What Is Best Turned Out in Horse Racing & Can You Bet on It?


Parade ring horse

New fans tuning in to the latest racing on TV are likely to hear a whole host of language and jargon with which they may not be familiar. Much of this terminology refers to the action during the race itself and is thankfully quick to grasp. There are, however, also those terms which reference the build-up to the on-track action. Falling firmly into the pre-race category of the phrase book is “best turned out”.

What Does Best Turned Out Mean?

York Ebor Festival on Ladies Day

Horse racing is a sport that likes to reward those who make a special effort with their appearance on the day – witness the huge number of “Best Dressed” prizes on offer at “Ladies Days” spread up and down the country, many of which also have an equivalent for the men. It is therefore only reasonable that the horses themselves receive some recognition for showing up looking at their very best. Enter the “Best Turned Out” honour.

Awarded ahead of the vast majority of races in Britain and Ireland, the “Best Turned Out” prize is bestowed upon the horse that looks the finest of them all in the parade ring. Individual courses allocate a judge for each race – usually a track official, but occasionally a racing celebrity or race sponsor. The task of the judge is then to assess the appearance of each runner and pick out the one that most catches their eye.

What Is It Based On?

Anyone who has paid a visit to the races will no doubt have been impressed by the sight of these wonderful animals in the flesh. Racehorses are after all beautiful creatures, boasting both incredible power and also elegance. This makes the task of the judge a far from easy assignment.

So, how to decide between these noble beasts? To make this task a little more manageable, judges are advised to assess the runners in a number of key areas, with the following categories being of particular importance:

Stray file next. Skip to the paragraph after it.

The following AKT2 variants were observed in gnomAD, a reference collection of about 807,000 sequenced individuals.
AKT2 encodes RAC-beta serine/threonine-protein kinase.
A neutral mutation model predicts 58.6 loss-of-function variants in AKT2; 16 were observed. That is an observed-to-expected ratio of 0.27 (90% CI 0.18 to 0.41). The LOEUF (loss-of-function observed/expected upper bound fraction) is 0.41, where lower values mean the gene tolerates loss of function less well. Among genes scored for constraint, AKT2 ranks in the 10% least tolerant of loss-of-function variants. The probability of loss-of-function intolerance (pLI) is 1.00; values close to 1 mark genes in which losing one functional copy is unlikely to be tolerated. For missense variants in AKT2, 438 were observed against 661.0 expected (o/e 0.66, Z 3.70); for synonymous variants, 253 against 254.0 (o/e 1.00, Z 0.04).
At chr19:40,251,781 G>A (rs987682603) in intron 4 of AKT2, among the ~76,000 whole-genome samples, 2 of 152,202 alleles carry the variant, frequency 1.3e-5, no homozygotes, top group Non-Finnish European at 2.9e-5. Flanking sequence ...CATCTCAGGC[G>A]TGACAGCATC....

• Condition & Coat – Horses ought to be in prime racing condition with minimal fat and defined muscles which appear to move smoothly. The coat should have a visible sheen, indicating that the animal is in fine health and has been well groomed ahead of the race.
  • Mane – Whilst it is not essential that a special effort is made to style a horse’s hair, many grooms do attempt to make their runner stand out by plaiting the mane. If plaited, the neck should feature an odd number of neat plaits, with an additional plait at the front. Unplaited manes are expected to be well brushed and lie tidily to the right-hand side of the horse’s head.
  • Tail – Much like the mane, a horse’s tail may be plaited or left to hang naturally. If plaited, the plaits should only feature on the top half of the tail, with the bottom half left loose. Whether plaited or not, the loose sections of the tail should be well brushed with no visible tangles.
  • Coat Markings – In addition to the tail and mane, many runners are given specialist grooming to their coats – most commonly on their hindquarters to emphasise their muscular haunches. By placing a marker sheet on this area, grooms can create all manner of checks, stripes, and swirls by brushing against the natural lie of the coat, creating an effect which can be very pleasing to the eye.
  • Legs & Feet – All markings which extend from the knee down to the hoof should be clean and clear, whilst the hoof itself should be neatly shod and oiled.